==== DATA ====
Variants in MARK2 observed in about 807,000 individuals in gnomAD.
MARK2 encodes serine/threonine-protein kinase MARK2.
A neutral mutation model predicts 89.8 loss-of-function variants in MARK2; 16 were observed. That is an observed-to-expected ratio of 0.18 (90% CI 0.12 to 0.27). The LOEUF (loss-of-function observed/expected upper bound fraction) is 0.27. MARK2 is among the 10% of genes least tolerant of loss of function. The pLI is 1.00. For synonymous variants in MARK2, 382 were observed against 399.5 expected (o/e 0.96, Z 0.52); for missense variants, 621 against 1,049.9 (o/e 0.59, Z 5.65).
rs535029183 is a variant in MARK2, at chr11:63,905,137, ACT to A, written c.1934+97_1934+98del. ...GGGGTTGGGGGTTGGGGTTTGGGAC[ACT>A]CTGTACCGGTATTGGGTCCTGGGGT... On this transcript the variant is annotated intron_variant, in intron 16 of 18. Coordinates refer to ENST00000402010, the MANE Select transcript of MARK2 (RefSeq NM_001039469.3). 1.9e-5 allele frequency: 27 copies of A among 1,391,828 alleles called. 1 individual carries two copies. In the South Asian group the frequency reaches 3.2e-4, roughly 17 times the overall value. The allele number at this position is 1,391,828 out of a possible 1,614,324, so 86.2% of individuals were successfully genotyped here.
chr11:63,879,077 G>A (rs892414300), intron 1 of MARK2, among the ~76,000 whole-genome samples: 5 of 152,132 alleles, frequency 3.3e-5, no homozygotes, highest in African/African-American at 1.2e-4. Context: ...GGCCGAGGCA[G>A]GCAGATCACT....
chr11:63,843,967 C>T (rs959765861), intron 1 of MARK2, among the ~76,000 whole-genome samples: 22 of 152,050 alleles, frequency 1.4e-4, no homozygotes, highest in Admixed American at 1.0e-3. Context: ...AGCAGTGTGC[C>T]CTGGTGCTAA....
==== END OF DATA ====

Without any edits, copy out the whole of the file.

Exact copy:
Variants in MARK2 observed in about 807,000 individuals in gnomAD.
MARK2 encodes serine/threonine-protein kinase MARK2.
A neutral mutation model predicts 89.8 loss-of-function variants in MARK2; 16 were observed. That is an observed-to-expected ratio of 0.18 (90% CI 0.12 to 0.27). The LOEUF (loss-of-function observed/expected upper bound fraction) is 0.27. MARK2 is among the 10% of genes least tolerant of loss of function. The pLI is 1.00. For synonymous variants in MARK2, 382 were observed against 399.5 expected (o/e 0.96, Z 0.52); for missense variants, 621 against 1,049.9 (o/e 0.59, Z 5.65).
rs535029183 is a variant in MARK2, at chr11:63,905,137, ACT to A, written c.1934+97_1934+98del. ...GGGGTTGGGGGTTGGGGTTTGGGAC[ACT>A]CTGTACCGGTATTGGGTCCTGGGGT... On this transcript the variant is annotated intron_variant, in intron 16 of 18. Coordinates refer to ENST00000402010, the MANE Select transcript of MARK2 (RefSeq NM_001039469.3). 1.9e-5 allele frequency: 27 copies of A among 1,391,828 alleles called. 1 individual carries two copies. In the South Asian group the frequency reaches 3.2e-4, roughly 17 times the overall value. The allele number at this position is 1,391,828 out of a possible 1,614,324, so 86.2% of individuals were successfully genotyped here.
chr11:63,879,077 G>A (rs892414300), intron 1 of MARK2, among the ~76,000 whole-genome samples: 5 of 152,132 alleles, frequency 3.3e-5, no homozygotes, highest in African/African-American at 1.2e-4. Context: ...GGCCGAGGCA[G>A]GCAGATCACT....
chr11:63,843,967 C>T (rs959765861), intron 1 of MARK2, among the ~76,000 whole-genome samples: 22 of 152,050 alleles, frequency 1.4e-4, no homozygotes, highest in Admixed American at 1.0e-3. Context: ...AGCAGTGTGC[C>T]CTGGTGCTAA....